- Date: May 17, 2011
“This is not a step forward. This is a great leap forward….The Arctic is no longer a sleepy backwater, but a priority region for some of the richest and most powerful states in the world.”
- Alexander Shestakov, Director of WWF’s Global Arctic Program
U.S. Secretary of State Hillary Clinton and other high-ranking public officials from the eight countries that border the Arctic Ocean agreed for the first time May 11, 2011 on a set of rules and actions geared toward protecting the fragile Arctic environment.
Meeting in Greenland, the country representatives and indigenous leaders who make up the Arctic Council signed their first binding legal agreement (related to sharing search and rescue responsibilities), agreed to further explore tools to better manage resources (e.g., fish) that flow across international borders, and decided to assess climate change and resilience in the Arctic. Each of these actions support WWF’s efforts to eliminate the significant threats to the region’s vulnerable and valuable species habitat.
The Council members also agreed to establish a task force aimed at developing a new international agreement on oil spill preparedness and response. While oil spill prevention is not included in the mandate of the task force, WWF is hopeful the agreement would support WWF’s goal of halting oil and gas drilling in the Arctic until there is proven technology capable of effectively preventing or responding to spills in the region’s remote location and harsh climate.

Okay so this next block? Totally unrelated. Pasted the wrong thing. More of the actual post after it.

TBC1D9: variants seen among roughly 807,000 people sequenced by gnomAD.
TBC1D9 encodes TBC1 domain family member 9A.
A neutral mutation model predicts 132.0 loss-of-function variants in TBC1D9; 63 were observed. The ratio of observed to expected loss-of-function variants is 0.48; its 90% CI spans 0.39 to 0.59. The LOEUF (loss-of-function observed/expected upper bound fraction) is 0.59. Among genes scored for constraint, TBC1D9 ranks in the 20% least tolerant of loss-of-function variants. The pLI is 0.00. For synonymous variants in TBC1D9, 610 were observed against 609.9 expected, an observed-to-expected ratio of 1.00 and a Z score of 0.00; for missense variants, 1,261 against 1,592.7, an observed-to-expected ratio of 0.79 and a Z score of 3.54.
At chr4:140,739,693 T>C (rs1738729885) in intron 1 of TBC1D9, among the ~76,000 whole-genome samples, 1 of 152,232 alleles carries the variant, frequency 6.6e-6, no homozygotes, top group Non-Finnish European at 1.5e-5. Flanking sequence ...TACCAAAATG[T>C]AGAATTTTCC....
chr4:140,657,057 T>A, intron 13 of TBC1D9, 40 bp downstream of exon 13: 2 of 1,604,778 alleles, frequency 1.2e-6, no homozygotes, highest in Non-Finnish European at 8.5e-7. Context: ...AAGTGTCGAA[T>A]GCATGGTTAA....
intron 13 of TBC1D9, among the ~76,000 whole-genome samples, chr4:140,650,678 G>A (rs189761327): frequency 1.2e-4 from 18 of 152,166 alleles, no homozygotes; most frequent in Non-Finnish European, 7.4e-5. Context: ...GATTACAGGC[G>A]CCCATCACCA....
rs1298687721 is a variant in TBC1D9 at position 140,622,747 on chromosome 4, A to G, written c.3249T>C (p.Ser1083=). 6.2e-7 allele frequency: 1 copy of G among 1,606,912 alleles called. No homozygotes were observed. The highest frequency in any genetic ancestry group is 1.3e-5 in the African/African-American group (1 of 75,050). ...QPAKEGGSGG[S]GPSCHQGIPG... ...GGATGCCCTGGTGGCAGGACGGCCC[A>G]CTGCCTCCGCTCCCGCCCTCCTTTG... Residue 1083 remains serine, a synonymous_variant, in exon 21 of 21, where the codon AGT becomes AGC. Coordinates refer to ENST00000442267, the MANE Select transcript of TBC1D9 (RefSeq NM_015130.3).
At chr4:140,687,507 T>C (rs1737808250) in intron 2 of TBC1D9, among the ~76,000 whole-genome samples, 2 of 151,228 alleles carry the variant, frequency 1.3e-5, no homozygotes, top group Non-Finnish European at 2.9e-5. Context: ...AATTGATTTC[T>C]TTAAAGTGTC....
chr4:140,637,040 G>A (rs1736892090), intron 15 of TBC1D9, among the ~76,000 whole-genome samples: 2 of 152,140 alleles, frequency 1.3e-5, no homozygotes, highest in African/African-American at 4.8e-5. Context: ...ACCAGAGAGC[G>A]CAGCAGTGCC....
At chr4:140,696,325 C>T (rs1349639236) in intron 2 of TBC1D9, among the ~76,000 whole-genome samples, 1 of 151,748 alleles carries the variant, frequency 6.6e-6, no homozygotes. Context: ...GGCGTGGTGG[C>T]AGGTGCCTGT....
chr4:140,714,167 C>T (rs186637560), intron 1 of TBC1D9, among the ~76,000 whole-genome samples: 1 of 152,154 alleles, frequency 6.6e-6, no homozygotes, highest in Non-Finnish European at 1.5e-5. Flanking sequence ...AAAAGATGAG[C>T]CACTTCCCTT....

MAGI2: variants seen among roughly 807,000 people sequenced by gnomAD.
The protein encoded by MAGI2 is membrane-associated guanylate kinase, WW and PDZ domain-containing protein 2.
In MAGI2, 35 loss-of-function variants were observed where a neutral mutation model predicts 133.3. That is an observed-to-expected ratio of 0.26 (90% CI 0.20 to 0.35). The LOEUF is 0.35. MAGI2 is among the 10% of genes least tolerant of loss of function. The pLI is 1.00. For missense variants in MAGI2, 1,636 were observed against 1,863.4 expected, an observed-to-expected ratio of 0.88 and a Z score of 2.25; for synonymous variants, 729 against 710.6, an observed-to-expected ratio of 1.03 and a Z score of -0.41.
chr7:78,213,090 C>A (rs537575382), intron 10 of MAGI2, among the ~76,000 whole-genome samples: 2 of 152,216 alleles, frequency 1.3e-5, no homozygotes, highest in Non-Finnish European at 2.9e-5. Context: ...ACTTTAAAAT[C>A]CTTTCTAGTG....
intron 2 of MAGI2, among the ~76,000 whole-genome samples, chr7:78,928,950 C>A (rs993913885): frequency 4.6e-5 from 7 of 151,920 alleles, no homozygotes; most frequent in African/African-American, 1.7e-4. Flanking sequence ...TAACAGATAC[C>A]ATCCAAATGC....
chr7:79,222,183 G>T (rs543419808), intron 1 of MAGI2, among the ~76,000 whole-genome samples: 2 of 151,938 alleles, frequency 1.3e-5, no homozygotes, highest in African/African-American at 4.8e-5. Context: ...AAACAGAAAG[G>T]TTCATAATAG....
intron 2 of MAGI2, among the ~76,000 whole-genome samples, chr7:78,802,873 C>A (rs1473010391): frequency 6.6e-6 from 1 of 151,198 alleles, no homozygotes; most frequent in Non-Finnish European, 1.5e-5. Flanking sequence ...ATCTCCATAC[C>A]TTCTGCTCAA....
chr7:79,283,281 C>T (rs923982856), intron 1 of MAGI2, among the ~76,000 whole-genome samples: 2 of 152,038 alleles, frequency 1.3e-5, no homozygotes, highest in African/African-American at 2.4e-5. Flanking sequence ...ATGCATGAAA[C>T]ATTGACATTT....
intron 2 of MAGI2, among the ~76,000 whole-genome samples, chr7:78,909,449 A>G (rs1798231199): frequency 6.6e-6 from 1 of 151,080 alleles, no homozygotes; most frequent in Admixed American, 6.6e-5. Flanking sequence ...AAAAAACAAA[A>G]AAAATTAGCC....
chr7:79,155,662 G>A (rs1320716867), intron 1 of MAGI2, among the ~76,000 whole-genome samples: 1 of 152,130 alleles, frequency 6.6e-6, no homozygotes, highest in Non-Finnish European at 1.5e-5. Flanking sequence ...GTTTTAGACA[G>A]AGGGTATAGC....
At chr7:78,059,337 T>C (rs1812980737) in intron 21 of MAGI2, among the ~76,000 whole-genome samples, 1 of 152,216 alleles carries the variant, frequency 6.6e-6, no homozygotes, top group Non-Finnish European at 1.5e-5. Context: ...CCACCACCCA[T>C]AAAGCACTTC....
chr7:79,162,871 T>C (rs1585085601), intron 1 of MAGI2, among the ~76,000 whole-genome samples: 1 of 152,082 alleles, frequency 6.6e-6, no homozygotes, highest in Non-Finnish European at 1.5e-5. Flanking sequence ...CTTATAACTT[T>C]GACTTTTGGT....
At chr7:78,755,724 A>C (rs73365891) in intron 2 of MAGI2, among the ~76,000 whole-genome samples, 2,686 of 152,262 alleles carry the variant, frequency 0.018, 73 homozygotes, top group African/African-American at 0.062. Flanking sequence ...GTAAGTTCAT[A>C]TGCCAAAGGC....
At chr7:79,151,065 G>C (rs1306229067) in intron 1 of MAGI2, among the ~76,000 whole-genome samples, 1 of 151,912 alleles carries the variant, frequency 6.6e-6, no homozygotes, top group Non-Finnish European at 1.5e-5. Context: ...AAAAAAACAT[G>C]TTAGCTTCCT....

WWF is disappointed that the Council neglected to take action that would encourage Arctic countries to set explicit and binding national emissions reduction targets towards 80 percent reduction, and to implement ambitious action plans for adaptation and low carbon development. Climate change remains the most urgent issue in the Arctic.
The Arctic Council was formed in 1996 to encourage cooperation on issues related to sustainable development and environmental protection in the Arctic. Since its creation, the Council has produced a number of important research papers on topics such as biodiversity, climate change and shipping. However, until the May 2011 meeting, the Council had never taken action that commits each country to rules related to protecting the Arctic.
The next Arctic Council ministerial meeting will be held in two years. WWF will continue to monitor and report on the Council’s progress on conservation issues, and will continue to offer its expertise and research.
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